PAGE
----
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Compaq, DirecPC in satellite deal

Compaq will soon start offering customers the option of obtaining Internet access via satellite, the third leg in the PC maker's faster connection push.

    Compaq will soon start offering customers the option of obtaining Internet access via satellite, the third leg in an overall company strategy to promote faster connections to the Net.

    Compaq Computer will start offering by mid-April the ability to order satellite data services from DirecPC for custom configured PCs via kiosks in stores and its Web site, said sources. Internet access through a satellite hook-up provides download speeds of up to 400 kilobits per second, while information is sent out over regular telephone lines at up to 33.6 kbps.

    The initiative is the third leg of the company's "Triple Play" strategy to link users with high speed Internet services. Compaq already offers PCs configured for cable and DSL connections (digital subscriber line) and has signed deals with respective carriers so consumers can obtain these services.

    Compaq last year launched its broadband initiative and announced DirecPC as a partner. The company already provides a link from its site to DirecPC's Web site, but the new program will simplify the buying process.

    Also, a universal serial bus (USB) adapter needed for the service will ease the installation process, said sources, which the companies hope will encourage more users to sign on to the service. Additionally, Compaq is expected to detail plans for connecting home networks to the service.

    Compaq and DirecPC declined to comment on unannounced products.

    With a push from Compaq, the world's largest PC maker, the market for satellite services is set to gain some measure of credibility as a viable alternative to other ways of getting on the Net.

    "There is a decreasing gap between cost of cable, DSL, and satellite 'modem' services," which will make the satellite service an increasingly popular option for consumers and business users, said Richard Doherty, president of The Envisioneering Group. One of the main attractions: Satellite dishes can be installed in places cable service can't reach, Doherty said.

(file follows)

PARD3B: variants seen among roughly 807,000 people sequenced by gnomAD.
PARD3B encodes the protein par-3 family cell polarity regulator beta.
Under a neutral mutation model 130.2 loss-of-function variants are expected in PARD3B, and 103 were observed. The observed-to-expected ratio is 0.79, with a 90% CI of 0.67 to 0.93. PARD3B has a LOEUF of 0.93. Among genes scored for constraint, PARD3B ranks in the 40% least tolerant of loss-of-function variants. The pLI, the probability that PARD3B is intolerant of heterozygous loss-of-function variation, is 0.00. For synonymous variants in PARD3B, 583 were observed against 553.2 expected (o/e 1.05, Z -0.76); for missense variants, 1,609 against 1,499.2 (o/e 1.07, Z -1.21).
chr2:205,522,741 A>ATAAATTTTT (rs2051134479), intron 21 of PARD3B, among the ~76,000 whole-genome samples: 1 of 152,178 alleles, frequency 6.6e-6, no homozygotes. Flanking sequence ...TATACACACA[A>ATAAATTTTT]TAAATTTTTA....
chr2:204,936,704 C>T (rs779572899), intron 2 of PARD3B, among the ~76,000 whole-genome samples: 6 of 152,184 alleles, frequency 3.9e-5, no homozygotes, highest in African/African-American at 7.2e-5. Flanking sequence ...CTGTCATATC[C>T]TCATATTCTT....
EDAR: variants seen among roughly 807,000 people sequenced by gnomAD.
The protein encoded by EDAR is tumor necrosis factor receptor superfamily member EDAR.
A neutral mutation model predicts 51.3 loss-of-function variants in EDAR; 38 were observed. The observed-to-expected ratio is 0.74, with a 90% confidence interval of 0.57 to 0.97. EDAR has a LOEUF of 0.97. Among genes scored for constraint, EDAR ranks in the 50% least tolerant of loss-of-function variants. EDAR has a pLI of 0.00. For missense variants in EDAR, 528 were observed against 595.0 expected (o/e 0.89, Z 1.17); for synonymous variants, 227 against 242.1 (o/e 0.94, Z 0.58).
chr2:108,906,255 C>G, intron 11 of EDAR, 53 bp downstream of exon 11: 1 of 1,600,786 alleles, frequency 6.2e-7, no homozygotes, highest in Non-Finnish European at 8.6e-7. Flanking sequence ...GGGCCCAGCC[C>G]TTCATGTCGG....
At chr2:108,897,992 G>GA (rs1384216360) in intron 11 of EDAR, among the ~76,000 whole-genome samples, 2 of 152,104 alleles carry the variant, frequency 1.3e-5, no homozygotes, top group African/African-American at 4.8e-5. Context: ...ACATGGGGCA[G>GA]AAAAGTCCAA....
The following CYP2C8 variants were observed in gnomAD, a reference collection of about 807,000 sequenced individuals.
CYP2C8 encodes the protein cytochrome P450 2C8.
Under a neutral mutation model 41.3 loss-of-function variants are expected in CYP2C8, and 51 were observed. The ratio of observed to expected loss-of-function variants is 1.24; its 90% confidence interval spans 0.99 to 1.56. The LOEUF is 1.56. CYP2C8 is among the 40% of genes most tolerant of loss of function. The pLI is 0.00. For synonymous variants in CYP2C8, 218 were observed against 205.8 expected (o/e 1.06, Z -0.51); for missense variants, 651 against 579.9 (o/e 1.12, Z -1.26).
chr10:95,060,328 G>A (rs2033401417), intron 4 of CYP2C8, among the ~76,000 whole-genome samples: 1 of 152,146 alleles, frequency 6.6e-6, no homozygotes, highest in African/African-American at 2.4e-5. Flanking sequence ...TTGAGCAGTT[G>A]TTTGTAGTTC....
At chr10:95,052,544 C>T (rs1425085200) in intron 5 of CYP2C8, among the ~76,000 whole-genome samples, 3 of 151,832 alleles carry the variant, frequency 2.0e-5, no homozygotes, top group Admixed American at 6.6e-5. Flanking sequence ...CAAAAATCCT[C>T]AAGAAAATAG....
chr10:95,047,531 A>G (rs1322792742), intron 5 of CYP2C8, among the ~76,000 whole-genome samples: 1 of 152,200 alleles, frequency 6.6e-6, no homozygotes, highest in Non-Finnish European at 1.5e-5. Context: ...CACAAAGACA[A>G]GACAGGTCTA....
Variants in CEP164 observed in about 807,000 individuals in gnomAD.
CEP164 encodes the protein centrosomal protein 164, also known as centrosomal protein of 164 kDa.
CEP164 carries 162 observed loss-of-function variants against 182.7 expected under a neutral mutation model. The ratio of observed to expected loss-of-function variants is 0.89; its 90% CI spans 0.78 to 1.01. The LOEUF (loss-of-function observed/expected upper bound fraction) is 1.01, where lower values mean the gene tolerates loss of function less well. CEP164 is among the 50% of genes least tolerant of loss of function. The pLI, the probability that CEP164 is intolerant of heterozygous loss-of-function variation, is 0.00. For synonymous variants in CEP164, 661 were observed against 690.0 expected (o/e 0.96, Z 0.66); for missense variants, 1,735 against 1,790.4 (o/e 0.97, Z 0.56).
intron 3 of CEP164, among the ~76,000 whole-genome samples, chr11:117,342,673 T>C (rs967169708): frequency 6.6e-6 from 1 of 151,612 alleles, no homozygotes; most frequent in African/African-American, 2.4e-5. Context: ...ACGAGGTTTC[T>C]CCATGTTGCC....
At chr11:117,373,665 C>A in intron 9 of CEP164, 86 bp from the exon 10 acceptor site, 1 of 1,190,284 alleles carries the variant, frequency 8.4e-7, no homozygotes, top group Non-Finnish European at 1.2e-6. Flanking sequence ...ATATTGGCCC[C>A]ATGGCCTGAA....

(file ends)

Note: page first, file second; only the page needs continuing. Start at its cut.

Currently, users pay $299 for the needed additional hardware plus a monthly service fee that starts at $30 a month. With the current rebate program for new customers, the hardware is priced at $199.

    No two-ways about it
    But satellite hasn't kept pace with cable and DSL providers such as @Home and SBC Communications, in terms of subscriber numbers.

    "The inability to do two-way communications [through the satellite network] has been a big deterrent, said Carol Mann, an analyst with Strategis Group. Satellite services rely on the phone network to send requests for information back to the Internet, which means consumers either still tie up a phone line to get access, or bear the added cost of installing a second separate phone line.

    Hughes Electronics, the parent company of DirecPC, is looking to boost its competitive position by investing $1.6 billion to build two-way data services over satellite networks. The company expects to make such services available in North America by 2002.

    With two-way networks in place, Hughes is saying it will be able to offer services such as desktop videoconferencing at lower cost than land-based systems.

    "DirecPC is trying to gain exposure with other manufacturers such as Dell and possibly Toshiba," said Brian Badding, senior analyst with the Carmel Group. "The main goal is to obtain distribution agreements to get more exposure out of their product," he added. DirecPC has had most of its success in the small to mid-size business market, but even then has only shipped about 70,000 units worldwide, according to his analysis.